Monday, March 7, 2016

Writing Connections with Gene Luen Yang

Gene Luen Yang recently became the fifth National Ambassador for Young People’s Literature, succeeding Kate DiCamillo.  As the first graphic novelist in this prestigious role, he brings a keen awareness to the interplay of words and art in the creation of engaging stories.  In a recent interview for the KidsPost section of the Washington Post, Yang talked about his passion for reading and creating comics as a kid, and the way that books can connect people and help them to explore new worlds.

The following writing prompts and discussion points connect to Yang’s platform “Reading Without Walls” for the two years of his ambassadorship.

Classroom Discussion:  Yang suggests that young people explore new worlds in two ways: (1) read a book on a topic completely new to them, and (2) pick up a book about a character who is different (by race, gender, culture, etc.) from them.  Have each student brainstorm topics, coming up with a list of at least five new subjects to explore.  Or have them visit the library and check out a book with a completely new type of character.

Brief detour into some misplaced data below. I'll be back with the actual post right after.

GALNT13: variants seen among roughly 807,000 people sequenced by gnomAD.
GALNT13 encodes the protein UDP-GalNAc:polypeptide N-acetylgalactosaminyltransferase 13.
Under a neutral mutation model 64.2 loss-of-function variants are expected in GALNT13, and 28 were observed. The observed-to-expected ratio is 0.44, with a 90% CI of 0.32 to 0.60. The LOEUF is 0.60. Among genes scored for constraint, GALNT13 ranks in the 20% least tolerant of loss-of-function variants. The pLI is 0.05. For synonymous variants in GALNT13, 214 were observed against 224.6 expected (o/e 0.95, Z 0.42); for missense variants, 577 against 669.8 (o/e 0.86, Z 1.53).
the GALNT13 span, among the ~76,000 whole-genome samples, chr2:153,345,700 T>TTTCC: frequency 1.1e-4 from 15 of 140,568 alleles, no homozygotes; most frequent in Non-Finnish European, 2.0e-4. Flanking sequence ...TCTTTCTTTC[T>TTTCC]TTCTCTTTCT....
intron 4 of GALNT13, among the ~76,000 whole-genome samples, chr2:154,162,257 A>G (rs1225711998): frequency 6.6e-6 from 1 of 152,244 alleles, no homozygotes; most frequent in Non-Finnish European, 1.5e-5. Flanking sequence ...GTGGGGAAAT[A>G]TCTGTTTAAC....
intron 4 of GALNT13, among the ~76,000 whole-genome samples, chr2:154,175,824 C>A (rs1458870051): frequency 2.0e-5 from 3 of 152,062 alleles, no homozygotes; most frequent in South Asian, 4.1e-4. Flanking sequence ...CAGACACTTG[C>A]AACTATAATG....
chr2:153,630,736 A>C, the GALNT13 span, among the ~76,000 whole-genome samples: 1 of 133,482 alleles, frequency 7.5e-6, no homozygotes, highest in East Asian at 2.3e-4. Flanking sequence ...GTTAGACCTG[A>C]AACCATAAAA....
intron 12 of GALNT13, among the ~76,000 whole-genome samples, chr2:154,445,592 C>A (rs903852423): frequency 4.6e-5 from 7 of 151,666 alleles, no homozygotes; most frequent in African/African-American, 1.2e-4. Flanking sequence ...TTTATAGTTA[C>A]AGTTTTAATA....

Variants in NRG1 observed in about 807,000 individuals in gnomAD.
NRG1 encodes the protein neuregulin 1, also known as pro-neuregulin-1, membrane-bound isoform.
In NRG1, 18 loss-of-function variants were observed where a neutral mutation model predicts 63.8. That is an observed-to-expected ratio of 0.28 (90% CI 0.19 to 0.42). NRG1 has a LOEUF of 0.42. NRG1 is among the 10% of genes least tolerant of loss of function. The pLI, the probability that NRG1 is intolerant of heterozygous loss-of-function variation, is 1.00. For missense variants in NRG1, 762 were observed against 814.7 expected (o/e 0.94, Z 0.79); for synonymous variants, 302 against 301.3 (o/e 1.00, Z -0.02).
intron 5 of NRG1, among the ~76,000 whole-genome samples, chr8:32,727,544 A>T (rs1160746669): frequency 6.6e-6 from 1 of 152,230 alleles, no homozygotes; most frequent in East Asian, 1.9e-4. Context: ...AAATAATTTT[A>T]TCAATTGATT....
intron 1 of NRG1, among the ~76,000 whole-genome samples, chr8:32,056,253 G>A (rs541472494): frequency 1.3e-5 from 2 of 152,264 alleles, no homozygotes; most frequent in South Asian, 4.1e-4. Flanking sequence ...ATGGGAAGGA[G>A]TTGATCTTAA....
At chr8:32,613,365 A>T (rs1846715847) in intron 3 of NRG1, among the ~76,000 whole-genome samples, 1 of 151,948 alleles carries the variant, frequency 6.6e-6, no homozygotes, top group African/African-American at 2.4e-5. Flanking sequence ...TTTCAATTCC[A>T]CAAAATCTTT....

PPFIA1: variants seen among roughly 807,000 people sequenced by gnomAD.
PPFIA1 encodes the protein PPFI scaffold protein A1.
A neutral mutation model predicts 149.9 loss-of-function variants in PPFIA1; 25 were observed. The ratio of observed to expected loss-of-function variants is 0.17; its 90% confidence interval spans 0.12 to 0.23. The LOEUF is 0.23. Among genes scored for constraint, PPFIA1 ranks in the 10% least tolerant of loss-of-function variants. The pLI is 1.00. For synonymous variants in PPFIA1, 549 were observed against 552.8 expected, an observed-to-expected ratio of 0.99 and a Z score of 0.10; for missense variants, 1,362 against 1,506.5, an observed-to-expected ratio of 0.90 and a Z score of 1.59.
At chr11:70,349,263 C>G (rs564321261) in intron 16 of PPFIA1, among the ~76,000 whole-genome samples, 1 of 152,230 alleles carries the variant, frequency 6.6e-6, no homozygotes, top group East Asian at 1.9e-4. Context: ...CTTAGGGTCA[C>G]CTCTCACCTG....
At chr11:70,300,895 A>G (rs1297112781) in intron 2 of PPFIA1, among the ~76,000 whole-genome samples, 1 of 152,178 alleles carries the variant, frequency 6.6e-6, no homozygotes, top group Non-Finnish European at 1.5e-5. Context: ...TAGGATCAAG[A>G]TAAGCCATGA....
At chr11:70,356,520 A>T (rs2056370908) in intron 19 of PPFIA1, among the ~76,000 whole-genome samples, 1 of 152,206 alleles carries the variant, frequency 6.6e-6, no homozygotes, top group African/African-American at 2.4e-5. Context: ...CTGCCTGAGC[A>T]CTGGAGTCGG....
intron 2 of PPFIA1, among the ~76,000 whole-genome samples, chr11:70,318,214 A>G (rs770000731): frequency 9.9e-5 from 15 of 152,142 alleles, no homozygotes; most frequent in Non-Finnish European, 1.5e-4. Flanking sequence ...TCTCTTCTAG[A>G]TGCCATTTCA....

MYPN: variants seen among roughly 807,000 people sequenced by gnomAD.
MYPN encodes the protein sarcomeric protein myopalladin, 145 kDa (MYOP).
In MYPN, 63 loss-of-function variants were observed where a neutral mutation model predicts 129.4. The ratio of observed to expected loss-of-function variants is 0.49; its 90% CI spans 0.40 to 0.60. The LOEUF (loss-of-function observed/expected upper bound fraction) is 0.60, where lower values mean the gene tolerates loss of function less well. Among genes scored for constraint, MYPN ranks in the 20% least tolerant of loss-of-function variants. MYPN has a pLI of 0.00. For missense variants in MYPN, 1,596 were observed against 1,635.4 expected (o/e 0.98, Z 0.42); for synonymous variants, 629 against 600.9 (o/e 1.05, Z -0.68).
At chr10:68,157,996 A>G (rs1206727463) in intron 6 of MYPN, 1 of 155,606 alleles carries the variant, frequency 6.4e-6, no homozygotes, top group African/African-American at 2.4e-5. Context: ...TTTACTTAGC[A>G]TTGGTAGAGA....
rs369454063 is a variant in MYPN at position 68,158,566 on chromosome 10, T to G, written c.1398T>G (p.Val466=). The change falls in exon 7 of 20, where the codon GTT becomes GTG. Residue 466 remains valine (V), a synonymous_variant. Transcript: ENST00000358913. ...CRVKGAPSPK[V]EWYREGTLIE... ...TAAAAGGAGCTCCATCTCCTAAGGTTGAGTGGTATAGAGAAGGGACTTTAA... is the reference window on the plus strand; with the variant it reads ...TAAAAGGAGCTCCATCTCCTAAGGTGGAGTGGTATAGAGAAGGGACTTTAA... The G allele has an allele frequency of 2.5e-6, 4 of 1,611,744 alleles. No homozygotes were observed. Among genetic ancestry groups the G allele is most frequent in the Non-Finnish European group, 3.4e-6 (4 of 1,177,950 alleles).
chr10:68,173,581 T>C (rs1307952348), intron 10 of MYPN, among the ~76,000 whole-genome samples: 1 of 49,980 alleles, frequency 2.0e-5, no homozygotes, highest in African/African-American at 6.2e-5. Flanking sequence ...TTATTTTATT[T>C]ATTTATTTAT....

Writing:  Ask students to read their books and then write a short response paper.  What did they learn by reading this?  What, exactly, was boring?  What was surprising?  Would they want to learn more?  Why or why not?

Classroom Discussion:  In his graphic novel, American Born Chinese, Yang draws on some of his own experiences as one of the few Asian-American kids in his middle school.  He was sometimes teased and excluded.  Writing:  Ask students to write about a time when they felt teased or excluded.  Was it because of appearance, socioeconomic status, race?  How do they feel about the incident now?  (These should remain private unless the writer wants to share aloud.)

Additional Resources:  The Library of Congress website includes information on past and current  National Ambassadors of Young People's Literature.

Check Yang’s website  for details about his work as a writer for DC Comics and his graphic novels, including Boxers & Saints and the playful, tech-savvy Secret Coders middle-grade series.   

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